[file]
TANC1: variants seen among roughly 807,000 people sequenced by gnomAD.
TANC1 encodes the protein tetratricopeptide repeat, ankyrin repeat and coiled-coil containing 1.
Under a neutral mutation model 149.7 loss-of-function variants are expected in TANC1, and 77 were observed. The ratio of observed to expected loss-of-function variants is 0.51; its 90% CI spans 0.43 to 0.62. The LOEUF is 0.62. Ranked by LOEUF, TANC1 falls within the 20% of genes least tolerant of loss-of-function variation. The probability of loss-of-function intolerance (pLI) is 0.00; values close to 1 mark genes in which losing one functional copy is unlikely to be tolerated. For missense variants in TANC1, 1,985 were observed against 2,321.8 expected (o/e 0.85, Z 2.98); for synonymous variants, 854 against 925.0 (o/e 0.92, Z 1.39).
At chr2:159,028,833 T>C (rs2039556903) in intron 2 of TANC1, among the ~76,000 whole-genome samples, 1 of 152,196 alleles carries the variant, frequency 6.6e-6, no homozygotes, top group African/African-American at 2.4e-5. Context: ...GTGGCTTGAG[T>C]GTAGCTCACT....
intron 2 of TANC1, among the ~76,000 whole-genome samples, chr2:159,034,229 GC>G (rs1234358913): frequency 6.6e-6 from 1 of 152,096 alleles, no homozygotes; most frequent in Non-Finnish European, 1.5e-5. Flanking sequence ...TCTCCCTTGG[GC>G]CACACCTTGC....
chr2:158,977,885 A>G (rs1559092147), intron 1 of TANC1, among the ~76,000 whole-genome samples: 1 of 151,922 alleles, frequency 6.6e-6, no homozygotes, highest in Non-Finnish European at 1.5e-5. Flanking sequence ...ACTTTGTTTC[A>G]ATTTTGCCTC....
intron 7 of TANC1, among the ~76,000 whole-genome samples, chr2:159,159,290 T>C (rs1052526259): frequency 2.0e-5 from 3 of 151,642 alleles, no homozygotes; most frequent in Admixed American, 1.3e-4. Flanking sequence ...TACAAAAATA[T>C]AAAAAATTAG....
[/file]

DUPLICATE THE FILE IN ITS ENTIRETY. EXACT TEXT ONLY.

TANC1: variants seen among roughly 807,000 people sequenced by gnomAD.
TANC1 encodes the protein tetratricopeptide repeat, ankyrin repeat and coiled-coil containing 1.
Under a neutral mutation model 149.7 loss-of-function variants are expected in TANC1, and 77 were observed. The ratio of observed to expected loss-of-function variants is 0.51; its 90% CI spans 0.43 to 0.62. The LOEUF is 0.62. Ranked by LOEUF, TANC1 falls within the 20% of genes least tolerant of loss-of-function variation. The probability of loss-of-function intolerance (pLI) is 0.00; values close to 1 mark genes in which losing one functional copy is unlikely to be tolerated. For missense variants in TANC1, 1,985 were observed against 2,321.8 expected (o/e 0.85, Z 2.98); for synonymous variants, 854 against 925.0 (o/e 0.92, Z 1.39).
At chr2:159,028,833 T>C (rs2039556903) in intron 2 of TANC1, among the ~76,000 whole-genome samples, 1 of 152,196 alleles carries the variant, frequency 6.6e-6, no homozygotes, top group African/African-American at 2.4e-5. Context: ...GTGGCTTGAG[T>C]GTAGCTCACT....
intron 2 of TANC1, among the ~76,000 whole-genome samples, chr2:159,034,229 GC>G (rs1234358913): frequency 6.6e-6 from 1 of 152,096 alleles, no homozygotes; most frequent in Non-Finnish European, 1.5e-5. Flanking sequence ...TCTCCCTTGG[GC>G]CACACCTTGC....
chr2:158,977,885 A>G (rs1559092147), intron 1 of TANC1, among the ~76,000 whole-genome samples: 1 of 151,922 alleles, frequency 6.6e-6, no homozygotes, highest in Non-Finnish European at 1.5e-5. Flanking sequence ...ACTTTGTTTC[A>G]ATTTTGCCTC....
intron 7 of TANC1, among the ~76,000 whole-genome samples, chr2:159,159,290 T>C (rs1052526259): frequency 2.0e-5 from 3 of 151,642 alleles, no homozygotes; most frequent in Admixed American, 1.3e-4. Flanking sequence ...TACAAAAATA[T>C]AAAAAATTAG....